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© &copyHarry Pristis 2010

Shark Vertebral Centra

Harry Pristis

These bones have not been consolidated or even cleaned thoroughly. There is still phosphate dust in the interseptal spaces on the lamnoid centra.

My reference for the types of vertebrae is Bretton W. Kent, FOSSIL SHARKS OF THE CHESAPEAKE BAY REGION (1994); pp. 9 (with illustrations). Kent refers to Norm Tessman in a 1966 Plaster Jacket article, THE CENOZOIC SHARKS OF FLORIDA.

On page 2 of the 1966 Plaster Jacket article (the very first Plaster Jacket issued), Tessman provides illustrations and simply asserts:

"Two distinct types of vertebrae are readily distinguished. The more primitive shark families have less completely developed vertebrae, referred to as LAMNOID vertebrae, whereas the higher families have a more solid type which are known as SCYLIORHINOID vertebrae."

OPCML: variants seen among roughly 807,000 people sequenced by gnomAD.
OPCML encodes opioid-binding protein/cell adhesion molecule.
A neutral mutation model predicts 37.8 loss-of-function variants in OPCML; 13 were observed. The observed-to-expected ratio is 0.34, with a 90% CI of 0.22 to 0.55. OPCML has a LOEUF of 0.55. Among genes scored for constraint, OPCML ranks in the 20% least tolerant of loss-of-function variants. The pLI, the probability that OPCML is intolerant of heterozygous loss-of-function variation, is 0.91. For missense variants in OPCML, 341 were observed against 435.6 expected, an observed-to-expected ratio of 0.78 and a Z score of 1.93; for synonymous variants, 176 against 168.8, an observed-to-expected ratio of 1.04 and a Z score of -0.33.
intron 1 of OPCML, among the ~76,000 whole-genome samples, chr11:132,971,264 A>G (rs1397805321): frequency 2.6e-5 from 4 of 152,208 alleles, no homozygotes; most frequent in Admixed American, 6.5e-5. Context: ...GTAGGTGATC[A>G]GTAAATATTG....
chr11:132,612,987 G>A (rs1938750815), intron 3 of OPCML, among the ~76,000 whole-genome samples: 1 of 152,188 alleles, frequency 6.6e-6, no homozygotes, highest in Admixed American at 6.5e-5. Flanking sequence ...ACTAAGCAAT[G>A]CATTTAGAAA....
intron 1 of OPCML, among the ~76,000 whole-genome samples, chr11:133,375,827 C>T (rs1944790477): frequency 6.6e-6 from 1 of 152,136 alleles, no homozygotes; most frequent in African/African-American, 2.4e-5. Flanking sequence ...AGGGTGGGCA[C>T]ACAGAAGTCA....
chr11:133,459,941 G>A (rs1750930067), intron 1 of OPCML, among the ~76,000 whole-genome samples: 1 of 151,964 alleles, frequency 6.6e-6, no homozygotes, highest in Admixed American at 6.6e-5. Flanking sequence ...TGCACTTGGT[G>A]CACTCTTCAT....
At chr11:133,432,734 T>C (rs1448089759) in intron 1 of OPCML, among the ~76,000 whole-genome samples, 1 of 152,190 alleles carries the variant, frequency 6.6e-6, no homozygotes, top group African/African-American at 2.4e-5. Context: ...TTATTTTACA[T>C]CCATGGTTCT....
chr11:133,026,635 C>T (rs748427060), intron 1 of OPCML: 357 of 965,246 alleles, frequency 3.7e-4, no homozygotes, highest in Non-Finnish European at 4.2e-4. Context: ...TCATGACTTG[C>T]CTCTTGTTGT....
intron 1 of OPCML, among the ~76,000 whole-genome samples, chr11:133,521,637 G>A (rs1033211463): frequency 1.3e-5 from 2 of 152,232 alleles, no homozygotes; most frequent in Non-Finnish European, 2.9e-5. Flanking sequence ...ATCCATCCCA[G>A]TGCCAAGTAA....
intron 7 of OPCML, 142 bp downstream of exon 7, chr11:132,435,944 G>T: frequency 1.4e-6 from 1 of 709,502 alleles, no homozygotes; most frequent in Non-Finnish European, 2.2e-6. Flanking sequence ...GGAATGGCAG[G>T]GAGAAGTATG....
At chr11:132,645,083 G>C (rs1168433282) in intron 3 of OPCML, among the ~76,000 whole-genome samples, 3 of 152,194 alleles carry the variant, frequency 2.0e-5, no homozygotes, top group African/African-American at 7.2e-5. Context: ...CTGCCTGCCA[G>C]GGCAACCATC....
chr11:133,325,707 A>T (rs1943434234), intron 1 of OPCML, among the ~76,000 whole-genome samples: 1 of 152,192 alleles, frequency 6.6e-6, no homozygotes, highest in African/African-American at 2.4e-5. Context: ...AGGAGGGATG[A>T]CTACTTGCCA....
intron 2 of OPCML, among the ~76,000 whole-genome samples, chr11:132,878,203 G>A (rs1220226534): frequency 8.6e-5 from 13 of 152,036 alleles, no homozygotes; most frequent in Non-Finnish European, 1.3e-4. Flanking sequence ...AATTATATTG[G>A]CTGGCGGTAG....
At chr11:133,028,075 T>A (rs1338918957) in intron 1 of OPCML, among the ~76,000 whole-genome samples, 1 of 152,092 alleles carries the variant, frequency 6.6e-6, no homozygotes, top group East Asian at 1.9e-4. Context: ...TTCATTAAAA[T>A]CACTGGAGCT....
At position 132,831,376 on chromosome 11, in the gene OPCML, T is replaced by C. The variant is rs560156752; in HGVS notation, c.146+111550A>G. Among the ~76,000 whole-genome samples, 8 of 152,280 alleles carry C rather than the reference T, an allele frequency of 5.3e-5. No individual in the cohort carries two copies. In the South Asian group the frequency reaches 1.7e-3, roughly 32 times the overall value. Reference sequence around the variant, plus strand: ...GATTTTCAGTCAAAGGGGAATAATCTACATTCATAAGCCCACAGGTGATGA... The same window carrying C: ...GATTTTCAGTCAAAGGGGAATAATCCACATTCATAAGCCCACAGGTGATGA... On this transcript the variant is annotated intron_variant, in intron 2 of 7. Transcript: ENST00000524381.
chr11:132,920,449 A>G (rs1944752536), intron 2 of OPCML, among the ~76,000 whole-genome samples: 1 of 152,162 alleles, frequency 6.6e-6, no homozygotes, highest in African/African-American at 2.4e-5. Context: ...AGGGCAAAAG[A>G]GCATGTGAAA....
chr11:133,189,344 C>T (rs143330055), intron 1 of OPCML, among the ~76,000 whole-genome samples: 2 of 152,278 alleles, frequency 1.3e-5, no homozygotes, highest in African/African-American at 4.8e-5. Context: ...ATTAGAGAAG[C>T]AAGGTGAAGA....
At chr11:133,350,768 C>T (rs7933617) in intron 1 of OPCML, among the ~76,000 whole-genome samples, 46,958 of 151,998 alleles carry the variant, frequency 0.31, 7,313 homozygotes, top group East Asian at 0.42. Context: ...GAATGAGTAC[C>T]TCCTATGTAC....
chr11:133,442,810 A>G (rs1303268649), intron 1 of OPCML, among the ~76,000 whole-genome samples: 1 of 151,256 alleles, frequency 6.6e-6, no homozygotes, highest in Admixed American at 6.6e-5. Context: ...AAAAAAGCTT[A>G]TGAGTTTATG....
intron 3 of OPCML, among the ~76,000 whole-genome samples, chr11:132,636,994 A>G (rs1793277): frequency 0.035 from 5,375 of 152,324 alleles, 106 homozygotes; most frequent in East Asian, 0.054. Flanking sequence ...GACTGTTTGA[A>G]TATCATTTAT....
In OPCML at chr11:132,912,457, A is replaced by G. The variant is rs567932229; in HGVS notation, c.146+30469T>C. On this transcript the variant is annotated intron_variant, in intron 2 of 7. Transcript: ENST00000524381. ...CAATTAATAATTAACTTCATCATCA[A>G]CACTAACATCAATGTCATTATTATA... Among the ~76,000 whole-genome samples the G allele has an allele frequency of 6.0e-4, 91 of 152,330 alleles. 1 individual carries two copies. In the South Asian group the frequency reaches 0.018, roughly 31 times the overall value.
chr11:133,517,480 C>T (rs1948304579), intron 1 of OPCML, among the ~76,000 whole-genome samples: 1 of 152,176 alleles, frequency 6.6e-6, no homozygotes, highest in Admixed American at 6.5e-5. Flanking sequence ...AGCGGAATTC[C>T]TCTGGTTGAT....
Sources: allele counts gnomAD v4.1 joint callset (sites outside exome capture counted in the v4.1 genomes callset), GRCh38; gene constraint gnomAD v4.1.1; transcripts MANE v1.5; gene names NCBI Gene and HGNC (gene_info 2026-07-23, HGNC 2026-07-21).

This suggest to me that Tessman was relying on some earlier work, though such is not cited. (I don't find reference to vertebrae in Tessman's 1969 thesis, THE FOSSIL SHARKS OF FLORIDA.)

(This image is best viewed by clicking on the "options" button

on the upper right of this page => "view all sizes" => "large".)


© &copyHarry Pristis 2010
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Great photo! You do a great job of isolating the subjects and arranging them, not to mention a nice job lighting.

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Nice verts! The differences between lamnoid and carcharhiniform vertebrae are clearly seen.

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